Brain stimulation decreases involuntary shaking, researcher finds

Neurosurgical treatment with deep brain stimulation in a relatively new target area has been shown to relieve involuntary tremors in Parkinson's disease and Essential Tremor for up to at least five and 10 years after treatment ...

Parkinson's & Movement disorders

Parkinson's research: New hope when treatment options seem exhausted

As Parkinson's progresses, more invasive therapies are used, for example, those that require brain surgery. When these therapies no longer deliver the desired results, physicians often conclude that treatment options are ...


Neural circuit location of strong sense of discomfort found

Researchers have identified a new neural circuit in the brain which produces a strong sense of discomfort when activated. The discovery also allows them to show for the first time that the subthalamic nucleus, a structure ...


Brain control in infancy linked to cognitive ability in toddlers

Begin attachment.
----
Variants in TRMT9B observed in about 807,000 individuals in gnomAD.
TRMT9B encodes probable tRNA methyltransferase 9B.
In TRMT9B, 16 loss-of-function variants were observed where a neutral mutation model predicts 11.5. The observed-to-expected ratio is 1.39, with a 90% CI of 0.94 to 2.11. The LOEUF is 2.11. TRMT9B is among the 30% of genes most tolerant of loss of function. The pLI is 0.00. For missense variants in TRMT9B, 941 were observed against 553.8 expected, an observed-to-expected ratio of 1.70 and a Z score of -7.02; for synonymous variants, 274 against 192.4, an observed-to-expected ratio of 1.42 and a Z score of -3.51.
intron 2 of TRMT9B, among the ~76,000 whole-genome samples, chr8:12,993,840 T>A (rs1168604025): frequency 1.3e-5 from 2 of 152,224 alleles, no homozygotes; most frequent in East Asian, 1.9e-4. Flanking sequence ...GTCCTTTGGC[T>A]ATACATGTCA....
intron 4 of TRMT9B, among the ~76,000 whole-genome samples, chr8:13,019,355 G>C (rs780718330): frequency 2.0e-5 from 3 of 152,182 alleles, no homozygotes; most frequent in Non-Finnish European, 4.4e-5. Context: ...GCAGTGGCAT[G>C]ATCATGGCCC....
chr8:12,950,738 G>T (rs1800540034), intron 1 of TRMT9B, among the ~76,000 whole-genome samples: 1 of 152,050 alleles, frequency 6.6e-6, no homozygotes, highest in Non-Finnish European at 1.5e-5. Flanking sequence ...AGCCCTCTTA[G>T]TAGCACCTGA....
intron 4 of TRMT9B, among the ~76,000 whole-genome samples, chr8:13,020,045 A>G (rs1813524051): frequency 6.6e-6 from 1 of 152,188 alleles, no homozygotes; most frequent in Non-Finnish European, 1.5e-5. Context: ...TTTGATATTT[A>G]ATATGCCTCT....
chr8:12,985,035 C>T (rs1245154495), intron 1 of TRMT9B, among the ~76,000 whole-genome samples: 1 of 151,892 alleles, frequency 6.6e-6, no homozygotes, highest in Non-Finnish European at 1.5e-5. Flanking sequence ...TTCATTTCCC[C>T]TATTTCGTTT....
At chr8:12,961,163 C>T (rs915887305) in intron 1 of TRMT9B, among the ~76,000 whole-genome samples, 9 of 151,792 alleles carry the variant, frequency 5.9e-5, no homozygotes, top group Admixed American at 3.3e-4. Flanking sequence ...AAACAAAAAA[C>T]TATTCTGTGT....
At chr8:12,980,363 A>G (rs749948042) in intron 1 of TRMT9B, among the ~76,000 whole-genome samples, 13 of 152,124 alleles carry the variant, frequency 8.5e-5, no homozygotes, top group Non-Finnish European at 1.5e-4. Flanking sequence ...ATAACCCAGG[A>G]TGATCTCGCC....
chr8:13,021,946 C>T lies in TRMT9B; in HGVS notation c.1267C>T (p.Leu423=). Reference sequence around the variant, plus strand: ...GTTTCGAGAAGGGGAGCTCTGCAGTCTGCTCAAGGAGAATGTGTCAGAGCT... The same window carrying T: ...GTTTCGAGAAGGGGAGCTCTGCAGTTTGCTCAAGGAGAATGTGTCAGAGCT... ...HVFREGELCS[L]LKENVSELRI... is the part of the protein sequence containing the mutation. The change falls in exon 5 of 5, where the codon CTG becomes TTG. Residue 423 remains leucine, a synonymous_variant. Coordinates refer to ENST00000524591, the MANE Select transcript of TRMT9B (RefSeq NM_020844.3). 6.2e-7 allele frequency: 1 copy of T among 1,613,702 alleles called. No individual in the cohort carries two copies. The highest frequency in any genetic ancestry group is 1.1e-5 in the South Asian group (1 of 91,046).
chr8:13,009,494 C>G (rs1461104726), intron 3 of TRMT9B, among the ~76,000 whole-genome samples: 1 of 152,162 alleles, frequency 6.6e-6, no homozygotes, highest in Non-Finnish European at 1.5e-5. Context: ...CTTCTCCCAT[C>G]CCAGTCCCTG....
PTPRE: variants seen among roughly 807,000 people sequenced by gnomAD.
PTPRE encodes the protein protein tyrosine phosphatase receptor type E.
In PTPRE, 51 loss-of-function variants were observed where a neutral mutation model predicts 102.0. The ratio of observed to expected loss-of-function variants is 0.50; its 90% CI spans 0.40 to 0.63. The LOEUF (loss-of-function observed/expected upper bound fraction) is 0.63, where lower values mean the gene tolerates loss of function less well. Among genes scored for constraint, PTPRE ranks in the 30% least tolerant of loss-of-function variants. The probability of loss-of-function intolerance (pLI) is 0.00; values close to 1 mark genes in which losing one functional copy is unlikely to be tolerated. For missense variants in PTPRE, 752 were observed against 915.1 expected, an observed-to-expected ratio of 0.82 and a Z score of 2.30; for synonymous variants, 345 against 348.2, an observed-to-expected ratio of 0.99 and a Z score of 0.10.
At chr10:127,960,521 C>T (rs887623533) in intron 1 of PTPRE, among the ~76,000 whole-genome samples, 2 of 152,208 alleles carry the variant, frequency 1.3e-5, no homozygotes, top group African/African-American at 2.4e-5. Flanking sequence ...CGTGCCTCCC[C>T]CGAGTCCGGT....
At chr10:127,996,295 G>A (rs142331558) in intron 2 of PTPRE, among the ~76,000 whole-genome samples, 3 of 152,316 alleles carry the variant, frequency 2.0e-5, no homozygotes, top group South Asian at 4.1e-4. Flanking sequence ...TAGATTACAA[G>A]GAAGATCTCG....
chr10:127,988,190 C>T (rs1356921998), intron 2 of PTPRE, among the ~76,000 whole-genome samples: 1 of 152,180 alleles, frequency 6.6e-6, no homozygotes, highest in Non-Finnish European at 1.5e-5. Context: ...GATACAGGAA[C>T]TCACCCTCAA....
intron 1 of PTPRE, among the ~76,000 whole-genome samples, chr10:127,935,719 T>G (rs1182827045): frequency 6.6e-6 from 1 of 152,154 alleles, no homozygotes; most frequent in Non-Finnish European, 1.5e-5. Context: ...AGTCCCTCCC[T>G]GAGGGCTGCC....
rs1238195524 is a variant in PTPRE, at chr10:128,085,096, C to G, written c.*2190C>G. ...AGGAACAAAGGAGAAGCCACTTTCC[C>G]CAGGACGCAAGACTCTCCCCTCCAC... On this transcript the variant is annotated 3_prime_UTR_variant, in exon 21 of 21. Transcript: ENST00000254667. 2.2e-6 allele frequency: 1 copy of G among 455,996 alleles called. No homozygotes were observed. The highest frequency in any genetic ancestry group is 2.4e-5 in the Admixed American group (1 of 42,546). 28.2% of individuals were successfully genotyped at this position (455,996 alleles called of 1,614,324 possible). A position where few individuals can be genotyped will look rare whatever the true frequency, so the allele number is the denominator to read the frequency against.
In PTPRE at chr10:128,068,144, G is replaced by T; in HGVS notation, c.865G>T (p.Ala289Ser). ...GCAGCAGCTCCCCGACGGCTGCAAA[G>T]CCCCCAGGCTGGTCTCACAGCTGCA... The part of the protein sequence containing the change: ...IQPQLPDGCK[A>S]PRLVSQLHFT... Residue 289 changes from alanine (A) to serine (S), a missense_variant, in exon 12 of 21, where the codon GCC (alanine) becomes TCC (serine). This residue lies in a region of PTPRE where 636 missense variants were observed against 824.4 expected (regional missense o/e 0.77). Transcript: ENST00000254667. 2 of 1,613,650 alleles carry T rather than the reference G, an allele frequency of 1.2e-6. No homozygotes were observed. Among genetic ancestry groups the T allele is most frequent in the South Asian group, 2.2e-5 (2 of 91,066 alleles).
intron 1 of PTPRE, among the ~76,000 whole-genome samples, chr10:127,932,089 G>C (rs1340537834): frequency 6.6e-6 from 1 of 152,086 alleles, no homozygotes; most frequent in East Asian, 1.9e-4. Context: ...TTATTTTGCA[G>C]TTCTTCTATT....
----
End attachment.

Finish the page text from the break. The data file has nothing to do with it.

In a new study, Yale researchers offer a look into how infants' brains work and change over time, and how these processes can be disrupted by preterm birth. The findings, the researchers say, could point to treatments that ...

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Deep brain stimulation

In neurotechnology, deep brain stimulation (DBS) is a surgical treatment involving the implantation of a medical device called a brain pacemaker, which sends electrical impulses to specific parts of the brain. DBS in select brain regions has provided remarkable therapeutic benefits for otherwise treatment-resistant movement and affective disorders such as chronic pain, Parkinson’s disease, tremor and dystonia. Despite the long history of DBS, its underlying principles and mechanisms are still not clear. DBS directly changes brain activity in a controlled manner, its effects are reversible (unlike those of lesioning techniques) and is one of only a few neurosurgical methods that allows blinded studies.

The Food and Drug Administration (FDA) approved DBS as a treatment for essential tremor in 1997, for Parkinson's disease in 2002, and dystonia in 2003. DBS is also routinely used to treat chronic pain and has been used to treat various affective disorders, including major depression. While DBS has proven helpful for some patients, there is potential for serious complications and side effects.

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